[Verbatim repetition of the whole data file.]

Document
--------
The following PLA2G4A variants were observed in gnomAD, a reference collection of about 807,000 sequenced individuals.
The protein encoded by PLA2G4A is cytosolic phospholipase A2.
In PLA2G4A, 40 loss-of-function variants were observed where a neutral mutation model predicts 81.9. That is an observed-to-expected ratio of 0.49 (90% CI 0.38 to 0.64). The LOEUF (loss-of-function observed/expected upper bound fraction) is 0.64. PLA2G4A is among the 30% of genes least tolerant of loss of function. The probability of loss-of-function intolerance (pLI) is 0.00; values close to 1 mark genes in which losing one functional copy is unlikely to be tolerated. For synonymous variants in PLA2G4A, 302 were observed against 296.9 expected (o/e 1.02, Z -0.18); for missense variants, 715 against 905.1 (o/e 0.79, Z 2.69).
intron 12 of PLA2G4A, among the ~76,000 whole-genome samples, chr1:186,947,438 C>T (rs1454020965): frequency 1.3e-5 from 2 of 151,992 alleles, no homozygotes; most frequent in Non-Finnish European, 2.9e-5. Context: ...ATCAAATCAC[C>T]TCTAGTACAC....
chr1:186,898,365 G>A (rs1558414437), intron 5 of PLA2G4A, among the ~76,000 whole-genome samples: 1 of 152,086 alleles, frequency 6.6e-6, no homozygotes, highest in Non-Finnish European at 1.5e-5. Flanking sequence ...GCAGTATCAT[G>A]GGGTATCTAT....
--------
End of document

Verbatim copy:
The following PLA2G4A variants were observed in gnomAD, a reference collection of about 807,000 sequenced individuals.
The protein encoded by PLA2G4A is cytosolic phospholipase A2.
In PLA2G4A, 40 loss-of-function variants were observed where a neutral mutation model predicts 81.9. That is an observed-to-expected ratio of 0.49 (90% CI 0.38 to 0.64). The LOEUF (loss-of-function observed/expected upper bound fraction) is 0.64. PLA2G4A is among the 30% of genes least tolerant of loss of function. The probability of loss-of-function intolerance (pLI) is 0.00; values close to 1 mark genes in which losing one functional copy is unlikely to be tolerated. For synonymous variants in PLA2G4A, 302 were observed against 296.9 expected (o/e 1.02, Z -0.18); for missense variants, 715 against 905.1 (o/e 0.79, Z 2.69).
intron 12 of PLA2G4A, among the ~76,000 whole-genome samples, chr1:186,947,438 C>T (rs1454020965): frequency 1.3e-5 from 2 of 151,992 alleles, no homozygotes; most frequent in Non-Finnish European, 2.9e-5. Context: ...ATCAAATCAC[C>T]TCTAGTACAC....
chr1:186,898,365 G>A (rs1558414437), intron 5 of PLA2G4A, among the ~76,000 whole-genome samples: 1 of 152,086 alleles, frequency 6.6e-6, no homozygotes, highest in Non-Finnish European at 1.5e-5. Flanking sequence ...GCAGTATCAT[G>A]GGGTATCTAT....